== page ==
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NCJ Number: 158461 Find in a Library
Title: United States Supreme Court and the Future of Capital Punishment (From Visions for Change: Crime and Justice in the Twenty-First Century, P 129-156, 1996, Roslyn Muraskin and Albert R. Roberts, eds. - see NCJ-158451)
Author(s): K C Haas
Date Published: 1996
Page Count: 28
Sponsoring Agency: Prentice-Hall, Inc
Upper Saddle River, NJ 07458
Sale Source: Prentice-Hall, Inc
Upper Saddle River, NJ 07458
United States of America
Type: Survey
Language: English
Country: United States of America
Annotation: This chapter examines the role of the U.S. Supreme Court in monitoring the American system of capital punishment, and in determining its future course.
Abstract: In its 1976 decision in Gregg v. Georgia, the Court upheld the constitutionality of State death penalty laws and the imposition of a death sentence by a judge who had considered all mitigating and aggravating factors concerning the defendant and the crime. In the period between 1976 and 1983, the Court set limits on the applicability of the death penalty by excluding defendants who did not actually kill the victim, and by stressing the need to consider all mitigating factors. Since 1983, the Court has taken a more activist role in setting capital punishment policy, rejecting major constitutional challenges, and allowing the executions of defendants who were at least 16 years old when the crime was committed, mentally retarded defendants, and defendants who neither intended to kill or who actually killed the victim. The author predicts that the expansion of capital punishment will lead the public to be increasingly skeptical of its efficacy, and will eventually result in its abolition by the Supreme Court on constitutional grounds. 21 notes and 51 references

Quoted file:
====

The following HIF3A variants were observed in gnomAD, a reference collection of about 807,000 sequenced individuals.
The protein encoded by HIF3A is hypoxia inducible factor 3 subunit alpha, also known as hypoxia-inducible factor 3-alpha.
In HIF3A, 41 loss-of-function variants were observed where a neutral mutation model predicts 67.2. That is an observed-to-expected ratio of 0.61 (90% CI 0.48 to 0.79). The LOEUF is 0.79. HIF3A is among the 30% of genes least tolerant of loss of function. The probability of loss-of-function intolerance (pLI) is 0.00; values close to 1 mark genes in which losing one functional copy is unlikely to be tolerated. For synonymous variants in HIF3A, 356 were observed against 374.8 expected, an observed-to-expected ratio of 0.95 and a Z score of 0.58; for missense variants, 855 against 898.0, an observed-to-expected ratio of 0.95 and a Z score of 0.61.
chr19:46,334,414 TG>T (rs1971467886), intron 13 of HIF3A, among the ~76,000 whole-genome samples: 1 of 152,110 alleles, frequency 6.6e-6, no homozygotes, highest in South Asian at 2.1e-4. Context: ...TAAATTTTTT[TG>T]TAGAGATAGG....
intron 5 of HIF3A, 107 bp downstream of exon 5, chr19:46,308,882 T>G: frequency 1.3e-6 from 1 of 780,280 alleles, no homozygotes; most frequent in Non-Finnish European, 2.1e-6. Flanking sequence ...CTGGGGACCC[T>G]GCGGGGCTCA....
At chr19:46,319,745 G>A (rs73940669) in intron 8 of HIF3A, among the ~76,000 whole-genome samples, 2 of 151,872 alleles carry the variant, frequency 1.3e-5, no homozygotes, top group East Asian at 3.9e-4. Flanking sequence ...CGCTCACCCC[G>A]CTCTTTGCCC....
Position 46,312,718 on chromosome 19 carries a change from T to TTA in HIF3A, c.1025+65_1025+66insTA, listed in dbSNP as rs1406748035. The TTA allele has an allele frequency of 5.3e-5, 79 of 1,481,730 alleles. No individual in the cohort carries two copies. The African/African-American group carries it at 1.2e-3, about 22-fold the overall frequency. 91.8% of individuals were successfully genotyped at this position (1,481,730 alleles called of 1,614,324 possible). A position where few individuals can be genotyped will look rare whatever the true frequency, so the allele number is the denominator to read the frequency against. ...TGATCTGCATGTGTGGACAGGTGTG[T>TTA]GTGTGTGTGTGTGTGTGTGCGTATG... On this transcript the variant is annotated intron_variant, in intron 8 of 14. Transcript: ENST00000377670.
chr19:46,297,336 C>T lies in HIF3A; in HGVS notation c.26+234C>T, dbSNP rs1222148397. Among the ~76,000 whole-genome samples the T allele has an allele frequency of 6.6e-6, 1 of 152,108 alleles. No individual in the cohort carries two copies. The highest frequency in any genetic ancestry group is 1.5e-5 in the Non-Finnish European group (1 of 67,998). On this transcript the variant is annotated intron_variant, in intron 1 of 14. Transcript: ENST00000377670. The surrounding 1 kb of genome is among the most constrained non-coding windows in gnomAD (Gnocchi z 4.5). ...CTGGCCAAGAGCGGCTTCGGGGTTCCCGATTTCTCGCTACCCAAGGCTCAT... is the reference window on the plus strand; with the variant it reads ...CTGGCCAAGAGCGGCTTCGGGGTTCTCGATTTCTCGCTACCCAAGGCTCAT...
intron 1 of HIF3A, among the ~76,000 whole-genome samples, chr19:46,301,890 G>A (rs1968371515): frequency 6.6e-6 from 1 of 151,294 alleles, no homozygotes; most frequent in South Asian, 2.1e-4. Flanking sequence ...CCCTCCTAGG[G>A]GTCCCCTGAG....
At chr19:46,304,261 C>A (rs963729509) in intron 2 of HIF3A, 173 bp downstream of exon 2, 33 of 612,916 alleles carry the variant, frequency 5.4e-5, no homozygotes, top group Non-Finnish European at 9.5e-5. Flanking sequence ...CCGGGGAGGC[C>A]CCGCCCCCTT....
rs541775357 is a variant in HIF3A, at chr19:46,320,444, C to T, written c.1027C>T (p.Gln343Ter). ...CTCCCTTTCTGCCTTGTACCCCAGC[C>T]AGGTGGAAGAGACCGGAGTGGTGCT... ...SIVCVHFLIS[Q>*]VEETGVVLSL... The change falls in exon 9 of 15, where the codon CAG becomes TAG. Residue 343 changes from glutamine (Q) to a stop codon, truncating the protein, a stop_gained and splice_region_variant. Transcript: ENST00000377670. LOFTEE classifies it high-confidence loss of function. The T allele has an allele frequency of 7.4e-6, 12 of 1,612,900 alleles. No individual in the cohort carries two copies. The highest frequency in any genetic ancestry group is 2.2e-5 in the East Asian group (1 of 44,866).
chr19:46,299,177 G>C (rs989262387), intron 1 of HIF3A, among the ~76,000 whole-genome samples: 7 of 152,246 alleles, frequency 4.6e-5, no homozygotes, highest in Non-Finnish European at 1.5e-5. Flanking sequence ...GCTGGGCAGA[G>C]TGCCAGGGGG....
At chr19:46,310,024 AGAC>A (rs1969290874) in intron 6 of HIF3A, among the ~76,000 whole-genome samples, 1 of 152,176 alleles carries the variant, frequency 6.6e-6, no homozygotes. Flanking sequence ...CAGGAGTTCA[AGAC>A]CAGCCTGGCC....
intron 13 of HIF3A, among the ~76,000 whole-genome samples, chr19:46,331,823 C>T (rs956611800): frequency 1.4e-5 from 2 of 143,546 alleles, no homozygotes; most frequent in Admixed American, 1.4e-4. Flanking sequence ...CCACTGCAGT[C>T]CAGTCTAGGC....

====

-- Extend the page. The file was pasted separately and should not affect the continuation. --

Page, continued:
Main Term(s): Courts
Index Term(s): Abolishment of capital punishment; Capital punishment; US Supreme Court decisions
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